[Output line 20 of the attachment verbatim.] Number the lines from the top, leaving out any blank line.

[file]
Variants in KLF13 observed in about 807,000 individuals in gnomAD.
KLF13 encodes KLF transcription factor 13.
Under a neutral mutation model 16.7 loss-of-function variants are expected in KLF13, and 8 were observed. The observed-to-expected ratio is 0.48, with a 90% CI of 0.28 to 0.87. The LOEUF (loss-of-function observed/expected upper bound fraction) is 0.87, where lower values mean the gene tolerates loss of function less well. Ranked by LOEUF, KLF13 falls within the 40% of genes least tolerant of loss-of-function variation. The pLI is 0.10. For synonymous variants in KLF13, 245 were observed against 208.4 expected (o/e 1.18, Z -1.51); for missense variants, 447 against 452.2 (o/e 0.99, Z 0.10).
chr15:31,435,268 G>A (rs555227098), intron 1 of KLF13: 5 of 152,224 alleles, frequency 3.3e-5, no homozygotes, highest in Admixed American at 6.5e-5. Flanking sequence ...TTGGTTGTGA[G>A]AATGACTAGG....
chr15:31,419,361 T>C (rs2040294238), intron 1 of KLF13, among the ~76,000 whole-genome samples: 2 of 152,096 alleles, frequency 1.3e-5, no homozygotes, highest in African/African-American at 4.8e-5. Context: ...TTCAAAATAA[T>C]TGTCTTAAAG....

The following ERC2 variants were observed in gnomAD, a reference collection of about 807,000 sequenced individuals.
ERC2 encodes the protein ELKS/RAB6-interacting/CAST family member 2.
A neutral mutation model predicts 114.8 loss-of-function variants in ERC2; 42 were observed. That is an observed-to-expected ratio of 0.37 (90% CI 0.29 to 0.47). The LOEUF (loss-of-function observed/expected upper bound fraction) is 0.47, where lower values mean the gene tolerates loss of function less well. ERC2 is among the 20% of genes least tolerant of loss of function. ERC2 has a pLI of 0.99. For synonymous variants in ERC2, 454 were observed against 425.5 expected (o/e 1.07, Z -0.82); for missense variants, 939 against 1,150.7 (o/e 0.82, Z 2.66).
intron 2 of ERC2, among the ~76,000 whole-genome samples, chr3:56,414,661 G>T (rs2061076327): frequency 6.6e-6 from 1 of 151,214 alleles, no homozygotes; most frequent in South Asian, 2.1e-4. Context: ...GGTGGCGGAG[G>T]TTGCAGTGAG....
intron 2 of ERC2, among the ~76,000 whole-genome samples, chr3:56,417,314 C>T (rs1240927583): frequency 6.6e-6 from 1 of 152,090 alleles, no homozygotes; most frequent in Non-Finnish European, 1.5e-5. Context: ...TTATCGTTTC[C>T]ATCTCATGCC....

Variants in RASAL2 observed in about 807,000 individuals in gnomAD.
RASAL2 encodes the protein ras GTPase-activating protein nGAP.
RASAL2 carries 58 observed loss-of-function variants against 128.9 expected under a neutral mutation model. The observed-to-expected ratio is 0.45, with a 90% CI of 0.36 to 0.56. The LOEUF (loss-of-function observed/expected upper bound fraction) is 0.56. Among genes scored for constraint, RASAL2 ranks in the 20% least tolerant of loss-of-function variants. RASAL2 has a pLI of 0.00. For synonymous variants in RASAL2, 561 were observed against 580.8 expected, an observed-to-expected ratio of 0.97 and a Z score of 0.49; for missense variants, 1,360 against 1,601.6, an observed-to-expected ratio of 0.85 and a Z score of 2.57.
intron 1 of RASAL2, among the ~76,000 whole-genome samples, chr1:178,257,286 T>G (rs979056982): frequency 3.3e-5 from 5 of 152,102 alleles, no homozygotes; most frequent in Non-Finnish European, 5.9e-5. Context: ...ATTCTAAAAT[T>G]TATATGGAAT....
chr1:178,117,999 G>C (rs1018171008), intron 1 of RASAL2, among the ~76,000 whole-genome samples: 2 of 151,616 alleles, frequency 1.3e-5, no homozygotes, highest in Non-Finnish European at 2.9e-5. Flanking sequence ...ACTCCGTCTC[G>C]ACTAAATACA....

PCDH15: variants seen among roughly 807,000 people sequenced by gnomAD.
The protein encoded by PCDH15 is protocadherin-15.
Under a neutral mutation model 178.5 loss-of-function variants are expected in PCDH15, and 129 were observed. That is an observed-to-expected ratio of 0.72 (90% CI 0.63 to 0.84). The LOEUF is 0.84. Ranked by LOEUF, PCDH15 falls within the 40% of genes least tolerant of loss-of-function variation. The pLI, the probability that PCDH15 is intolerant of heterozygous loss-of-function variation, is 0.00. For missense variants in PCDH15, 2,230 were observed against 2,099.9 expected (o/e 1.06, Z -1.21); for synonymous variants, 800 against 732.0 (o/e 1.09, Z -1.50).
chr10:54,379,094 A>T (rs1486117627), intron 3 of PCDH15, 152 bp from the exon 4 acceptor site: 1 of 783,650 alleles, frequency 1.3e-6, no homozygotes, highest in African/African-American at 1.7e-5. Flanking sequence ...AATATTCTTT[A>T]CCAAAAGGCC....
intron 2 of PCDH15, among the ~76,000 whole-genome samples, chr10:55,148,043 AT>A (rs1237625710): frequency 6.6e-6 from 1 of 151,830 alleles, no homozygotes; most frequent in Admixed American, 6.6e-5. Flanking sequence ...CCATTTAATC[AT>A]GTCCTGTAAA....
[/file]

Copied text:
intron 2 of PCDH15, among the ~76,000 whole-genome samples, chr10:55,148,043 AT>A (rs1237625710): frequency 6.6e-6 from 1 of 151,830 alleles, no homozygotes; most frequent in Admixed American, 6.6e-5. Flanking sequence ...CCATTTAATC[AT>A]GTCCTGTAAA....